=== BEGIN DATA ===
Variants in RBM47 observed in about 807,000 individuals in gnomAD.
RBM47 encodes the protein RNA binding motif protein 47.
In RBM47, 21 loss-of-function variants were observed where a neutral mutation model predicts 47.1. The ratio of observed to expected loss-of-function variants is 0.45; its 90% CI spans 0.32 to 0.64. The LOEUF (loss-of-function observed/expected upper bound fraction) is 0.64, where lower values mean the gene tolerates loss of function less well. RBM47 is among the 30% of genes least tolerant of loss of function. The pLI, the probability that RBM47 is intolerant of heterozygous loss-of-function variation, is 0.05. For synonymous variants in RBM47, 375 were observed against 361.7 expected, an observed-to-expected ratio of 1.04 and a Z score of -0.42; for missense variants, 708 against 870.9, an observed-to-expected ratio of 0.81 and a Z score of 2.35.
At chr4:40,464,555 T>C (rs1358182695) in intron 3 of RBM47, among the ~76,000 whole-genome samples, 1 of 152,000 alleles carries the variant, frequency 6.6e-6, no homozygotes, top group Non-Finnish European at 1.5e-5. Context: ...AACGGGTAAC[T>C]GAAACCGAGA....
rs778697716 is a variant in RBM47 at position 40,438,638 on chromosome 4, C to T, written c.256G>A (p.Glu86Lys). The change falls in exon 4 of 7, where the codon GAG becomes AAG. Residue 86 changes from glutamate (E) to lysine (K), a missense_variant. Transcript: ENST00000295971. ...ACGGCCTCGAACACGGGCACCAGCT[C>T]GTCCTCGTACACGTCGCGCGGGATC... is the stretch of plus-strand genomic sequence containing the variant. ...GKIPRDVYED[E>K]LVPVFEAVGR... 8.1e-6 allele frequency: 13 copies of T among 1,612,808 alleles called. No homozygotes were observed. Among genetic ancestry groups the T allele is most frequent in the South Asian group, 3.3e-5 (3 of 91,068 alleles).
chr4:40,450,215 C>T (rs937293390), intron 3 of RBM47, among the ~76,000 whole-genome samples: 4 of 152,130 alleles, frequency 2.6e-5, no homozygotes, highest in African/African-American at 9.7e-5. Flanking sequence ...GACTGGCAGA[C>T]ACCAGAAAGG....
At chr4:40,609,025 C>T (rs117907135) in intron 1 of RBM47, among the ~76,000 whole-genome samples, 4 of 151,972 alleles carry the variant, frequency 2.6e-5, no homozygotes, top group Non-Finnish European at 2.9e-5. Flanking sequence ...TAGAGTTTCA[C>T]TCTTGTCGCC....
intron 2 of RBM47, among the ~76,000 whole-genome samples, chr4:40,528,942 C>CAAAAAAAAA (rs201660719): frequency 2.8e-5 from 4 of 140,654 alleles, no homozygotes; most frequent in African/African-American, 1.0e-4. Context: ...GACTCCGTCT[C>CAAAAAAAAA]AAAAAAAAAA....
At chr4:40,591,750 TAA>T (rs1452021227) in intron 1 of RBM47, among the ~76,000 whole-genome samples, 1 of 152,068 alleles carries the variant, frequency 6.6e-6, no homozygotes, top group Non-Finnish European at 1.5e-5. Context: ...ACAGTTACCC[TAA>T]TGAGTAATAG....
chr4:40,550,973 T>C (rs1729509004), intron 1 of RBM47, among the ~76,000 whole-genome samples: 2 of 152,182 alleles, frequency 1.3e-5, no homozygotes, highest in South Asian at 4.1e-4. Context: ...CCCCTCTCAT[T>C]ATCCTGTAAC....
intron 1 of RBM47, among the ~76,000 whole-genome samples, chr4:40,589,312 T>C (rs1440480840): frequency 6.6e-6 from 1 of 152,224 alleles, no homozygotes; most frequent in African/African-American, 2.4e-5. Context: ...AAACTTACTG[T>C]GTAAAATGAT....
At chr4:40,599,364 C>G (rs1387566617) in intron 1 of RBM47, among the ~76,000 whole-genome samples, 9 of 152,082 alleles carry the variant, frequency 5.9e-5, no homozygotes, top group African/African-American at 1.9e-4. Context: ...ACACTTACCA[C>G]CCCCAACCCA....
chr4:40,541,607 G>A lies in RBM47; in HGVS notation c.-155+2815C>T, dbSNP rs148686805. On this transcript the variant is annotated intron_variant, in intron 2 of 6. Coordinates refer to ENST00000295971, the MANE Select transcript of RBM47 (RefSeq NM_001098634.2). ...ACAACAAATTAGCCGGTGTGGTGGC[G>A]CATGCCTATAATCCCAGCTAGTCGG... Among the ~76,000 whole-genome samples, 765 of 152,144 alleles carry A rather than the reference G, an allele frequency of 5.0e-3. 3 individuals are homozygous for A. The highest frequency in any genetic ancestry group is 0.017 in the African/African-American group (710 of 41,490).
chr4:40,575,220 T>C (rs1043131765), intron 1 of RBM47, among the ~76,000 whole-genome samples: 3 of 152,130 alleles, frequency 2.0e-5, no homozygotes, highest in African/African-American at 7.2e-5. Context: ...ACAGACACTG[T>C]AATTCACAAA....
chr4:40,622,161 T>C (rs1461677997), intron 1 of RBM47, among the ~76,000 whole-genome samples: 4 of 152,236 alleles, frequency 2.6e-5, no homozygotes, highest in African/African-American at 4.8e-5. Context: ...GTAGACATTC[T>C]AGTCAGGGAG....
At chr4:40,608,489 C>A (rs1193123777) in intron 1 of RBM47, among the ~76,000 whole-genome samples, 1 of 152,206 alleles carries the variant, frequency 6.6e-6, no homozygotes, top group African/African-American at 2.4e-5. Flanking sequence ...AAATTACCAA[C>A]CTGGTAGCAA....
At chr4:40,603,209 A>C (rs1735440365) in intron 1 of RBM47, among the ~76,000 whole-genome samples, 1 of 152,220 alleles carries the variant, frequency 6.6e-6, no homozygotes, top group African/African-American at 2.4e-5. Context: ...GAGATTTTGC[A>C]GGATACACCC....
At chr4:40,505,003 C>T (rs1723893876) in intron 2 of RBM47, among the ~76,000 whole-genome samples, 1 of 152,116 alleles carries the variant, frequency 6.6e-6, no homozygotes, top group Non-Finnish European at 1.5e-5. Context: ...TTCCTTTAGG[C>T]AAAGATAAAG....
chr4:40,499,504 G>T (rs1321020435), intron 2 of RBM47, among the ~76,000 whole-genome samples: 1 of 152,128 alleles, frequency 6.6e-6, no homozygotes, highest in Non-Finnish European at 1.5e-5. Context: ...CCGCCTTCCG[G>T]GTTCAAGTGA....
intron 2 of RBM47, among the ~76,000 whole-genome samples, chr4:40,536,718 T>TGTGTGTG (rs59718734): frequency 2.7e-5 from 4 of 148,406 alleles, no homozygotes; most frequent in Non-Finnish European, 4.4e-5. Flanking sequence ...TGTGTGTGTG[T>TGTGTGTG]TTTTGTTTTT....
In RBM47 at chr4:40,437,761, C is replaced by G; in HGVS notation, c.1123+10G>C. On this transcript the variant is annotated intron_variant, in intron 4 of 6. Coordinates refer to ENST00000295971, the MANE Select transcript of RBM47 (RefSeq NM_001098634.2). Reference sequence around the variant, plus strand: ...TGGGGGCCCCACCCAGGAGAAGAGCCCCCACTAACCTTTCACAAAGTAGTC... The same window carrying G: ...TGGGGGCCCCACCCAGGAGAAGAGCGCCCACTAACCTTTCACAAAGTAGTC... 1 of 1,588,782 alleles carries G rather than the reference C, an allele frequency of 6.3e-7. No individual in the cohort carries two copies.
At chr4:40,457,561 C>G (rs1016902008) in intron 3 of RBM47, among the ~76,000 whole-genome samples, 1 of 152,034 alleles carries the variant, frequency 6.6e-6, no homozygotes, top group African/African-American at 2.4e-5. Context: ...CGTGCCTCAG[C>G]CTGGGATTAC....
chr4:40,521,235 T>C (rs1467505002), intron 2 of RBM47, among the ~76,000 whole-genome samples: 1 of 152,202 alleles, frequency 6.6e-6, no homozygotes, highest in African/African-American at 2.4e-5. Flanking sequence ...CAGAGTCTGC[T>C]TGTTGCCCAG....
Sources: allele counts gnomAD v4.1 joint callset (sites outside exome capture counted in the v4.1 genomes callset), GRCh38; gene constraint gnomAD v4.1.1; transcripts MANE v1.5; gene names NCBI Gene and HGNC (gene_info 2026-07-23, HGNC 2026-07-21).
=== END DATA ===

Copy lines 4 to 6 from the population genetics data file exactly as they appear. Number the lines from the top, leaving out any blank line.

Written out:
At chr4:40,464,555 T>C (rs1358182695) in intron 3 of RBM47, among the ~76,000 whole-genome samples, 1 of 152,000 alleles carries the variant, frequency 6.6e-6, no homozygotes, top group Non-Finnish European at 1.5e-5. Context: ...AACGGGTAAC[T>C]GAAACCGAGA....
rs778697716 is a variant in RBM47 at position 40,438,638 on chromosome 4, C to T, written c.256G>A (p.Glu86Lys). The change falls in exon 4 of 7, where the codon GAG becomes AAG. Residue 86 changes from glutamate (E) to lysine (K), a missense_variant. Transcript: ENST00000295971. ...ACGGCCTCGAACACGGGCACCAGCT[C>T]GTCCTCGTACACGTCGCGCGGGATC... is the stretch of plus-strand genomic sequence containing the variant. ...GKIPRDVYED[E>K]LVPVFEAVGR... 8.1e-6 allele frequency: 13 copies of T among 1,612,808 alleles called. No homozygotes were observed. Among genetic ancestry groups the T allele is most frequent in the South Asian group, 3.3e-5 (3 of 91,068 alleles).
chr4:40,450,215 C>T (rs937293390), intron 3 of RBM47, among the ~76,000 whole-genome samples: 4 of 152,130 alleles, frequency 2.6e-5, no homozygotes, highest in African/African-American at 9.7e-5. Flanking sequence ...GACTGGCAGA[C>T]ACCAGAAAGG....